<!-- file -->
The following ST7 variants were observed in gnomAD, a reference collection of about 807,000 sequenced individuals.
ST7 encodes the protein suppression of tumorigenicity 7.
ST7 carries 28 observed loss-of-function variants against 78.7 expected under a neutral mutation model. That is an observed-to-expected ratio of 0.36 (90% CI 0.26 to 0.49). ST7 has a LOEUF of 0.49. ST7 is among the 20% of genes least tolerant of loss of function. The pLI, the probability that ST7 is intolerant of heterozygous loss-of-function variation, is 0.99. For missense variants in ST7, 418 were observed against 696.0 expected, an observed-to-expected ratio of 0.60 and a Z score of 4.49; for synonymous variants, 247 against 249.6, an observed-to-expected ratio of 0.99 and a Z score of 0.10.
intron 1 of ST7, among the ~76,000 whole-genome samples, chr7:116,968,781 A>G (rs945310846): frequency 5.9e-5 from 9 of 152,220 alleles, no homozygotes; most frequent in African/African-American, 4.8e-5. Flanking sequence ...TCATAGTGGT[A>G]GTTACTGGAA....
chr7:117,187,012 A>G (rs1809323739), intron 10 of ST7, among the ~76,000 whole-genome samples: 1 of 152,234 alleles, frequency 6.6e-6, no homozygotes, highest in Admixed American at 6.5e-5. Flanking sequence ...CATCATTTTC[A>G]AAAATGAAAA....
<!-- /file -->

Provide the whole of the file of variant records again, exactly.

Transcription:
The following ST7 variants were observed in gnomAD, a reference collection of about 807,000 sequenced individuals.
ST7 encodes the protein suppression of tumorigenicity 7.
ST7 carries 28 observed loss-of-function variants against 78.7 expected under a neutral mutation model. That is an observed-to-expected ratio of 0.36 (90% CI 0.26 to 0.49). ST7 has a LOEUF of 0.49. ST7 is among the 20% of genes least tolerant of loss of function. The pLI, the probability that ST7 is intolerant of heterozygous loss-of-function variation, is 0.99. For missense variants in ST7, 418 were observed against 696.0 expected, an observed-to-expected ratio of 0.60 and a Z score of 4.49; for synonymous variants, 247 against 249.6, an observed-to-expected ratio of 0.99 and a Z score of 0.10.
intron 1 of ST7, among the ~76,000 whole-genome samples, chr7:116,968,781 A>G (rs945310846): frequency 5.9e-5 from 9 of 152,220 alleles, no homozygotes; most frequent in African/African-American, 4.8e-5. Flanking sequence ...TCATAGTGGT[A>G]GTTACTGGAA....
chr7:117,187,012 A>G (rs1809323739), intron 10 of ST7, among the ~76,000 whole-genome samples: 1 of 152,234 alleles, frequency 6.6e-6, no homozygotes, highest in Admixed American at 6.5e-5. Flanking sequence ...CATCATTTTC[A>G]AAAATGAAAA....